Military Satellite Procurement Under Review

by Patrick Gannon


Jan 15, 2018

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Military organizations in many countries are big users of commercial satellite services, and in the past, they have been challenged to find enough capacity to serve their growing bandwidth needs using their own satellites, so they have been seeking capacity on commercial satellites.  In particular, the military wants video, and they want it in high definition.  Until recently trying to obtain enough bandwidth to stream live video and operate surveillance drones over war zones, has kept procurement officers busy.

According to Northern Sky Research (NSR), huge quantities of capacity are on the way.  It is estimated that by 2026, there will be 7 terabits of capacity, which should eliminate the current supply challenge. One provider, Intelsat, is completing the last of six HTS (High Throughput Satellites).  This EpicNG constellation will provide 200 to 300 percent more capacity than the government’s wideband satellites.  New HTS satellites from providers such as Intelsat are able to deliver a lower cost per bit to the end user, than what the government’s constellation of satellites can offer.

Given the improvements in cost, availability and security, military defense organizations must ponder the value in maintaining their own capacity, or having their requirements met by commercial providers at a lower cost.  To do so, the US DoD is engaged in a Wideband Communications Services Analysis of Alternatives to evaluate the options.  The likely end product will be a hybrid, with greater reliance on commercial satellites, along with a continuation of government-owned satellites, particularly for very high security applications.  By placing more of their traffic on commercial satellites, governments could build fewer of their own satellites for military use.

Why should commercial satellites be of interest to defense organizations?  How about the reality of 12 years?  The Pentagon will typically plan, design, build and launch a satellite into its orbit in 12 years!  Contrast that with commercial satellite companies who can deploy services on a new satellite in about 3 years.  Indeed, commercial satellites are typically designed to last 10 – 15 years, but technology can get so stale in that time, that commercial providers are giving consideration to reducing the service time for satellites in order to make sure the technology is more frequently refreshed and taken advantage of.  Twelve years ago Bluetooth was new, and a one megapixel camera on your cellphone gave you bragging rights.  The “big idea” at that time was “convergence, the meshing of voice, video and data.  How well was that planned for 12 years ago?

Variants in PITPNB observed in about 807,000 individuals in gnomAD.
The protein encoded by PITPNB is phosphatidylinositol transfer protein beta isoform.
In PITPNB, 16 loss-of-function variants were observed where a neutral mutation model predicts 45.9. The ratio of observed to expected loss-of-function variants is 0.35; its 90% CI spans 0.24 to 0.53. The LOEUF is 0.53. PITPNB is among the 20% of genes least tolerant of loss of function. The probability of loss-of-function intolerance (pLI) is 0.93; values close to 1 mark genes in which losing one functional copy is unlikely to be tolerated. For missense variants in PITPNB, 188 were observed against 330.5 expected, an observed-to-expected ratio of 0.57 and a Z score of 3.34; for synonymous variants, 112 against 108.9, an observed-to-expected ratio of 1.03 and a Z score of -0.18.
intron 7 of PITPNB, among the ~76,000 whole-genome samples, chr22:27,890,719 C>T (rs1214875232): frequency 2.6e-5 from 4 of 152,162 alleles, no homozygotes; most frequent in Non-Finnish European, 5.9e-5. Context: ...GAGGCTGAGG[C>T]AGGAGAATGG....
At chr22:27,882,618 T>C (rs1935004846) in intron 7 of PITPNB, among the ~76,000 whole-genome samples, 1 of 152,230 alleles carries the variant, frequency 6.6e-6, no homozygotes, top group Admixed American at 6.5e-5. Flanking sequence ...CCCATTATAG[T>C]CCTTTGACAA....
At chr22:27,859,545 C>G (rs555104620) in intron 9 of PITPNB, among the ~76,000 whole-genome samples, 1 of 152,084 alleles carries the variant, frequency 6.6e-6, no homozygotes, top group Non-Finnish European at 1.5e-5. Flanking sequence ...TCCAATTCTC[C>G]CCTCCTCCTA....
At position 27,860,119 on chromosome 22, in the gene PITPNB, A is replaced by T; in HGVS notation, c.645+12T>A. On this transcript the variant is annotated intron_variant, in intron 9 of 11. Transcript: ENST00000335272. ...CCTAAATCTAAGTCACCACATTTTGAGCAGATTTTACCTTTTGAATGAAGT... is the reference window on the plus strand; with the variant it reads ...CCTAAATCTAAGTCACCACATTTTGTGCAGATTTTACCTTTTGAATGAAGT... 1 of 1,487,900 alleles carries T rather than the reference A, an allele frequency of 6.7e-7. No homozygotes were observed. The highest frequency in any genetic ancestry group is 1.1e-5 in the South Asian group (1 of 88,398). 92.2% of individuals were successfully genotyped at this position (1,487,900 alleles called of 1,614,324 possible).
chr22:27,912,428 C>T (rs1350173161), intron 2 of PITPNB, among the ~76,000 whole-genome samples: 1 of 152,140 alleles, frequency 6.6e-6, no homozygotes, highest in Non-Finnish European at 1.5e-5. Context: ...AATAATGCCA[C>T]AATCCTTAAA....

The fact that companies like Boeing or Loral will go through four generations of commercial satellites in the time it takes the government to deploy one of its own, is becoming a concern to military leaders who need access to current technology to support various missions.  Leveraging commercial satellites for many applications appears to make a great deal of sense.  This would give military organizations like the Pentagon, not only reliable communications, but access to the latest innovations of the industry; which in turn will help retain an advantage over adversaries.

Procurement folks appear to be getting on board with the new plan.  Plans are still vague, but it appears that 2018 will be a year of change for military’s acquisition of communication satellites.

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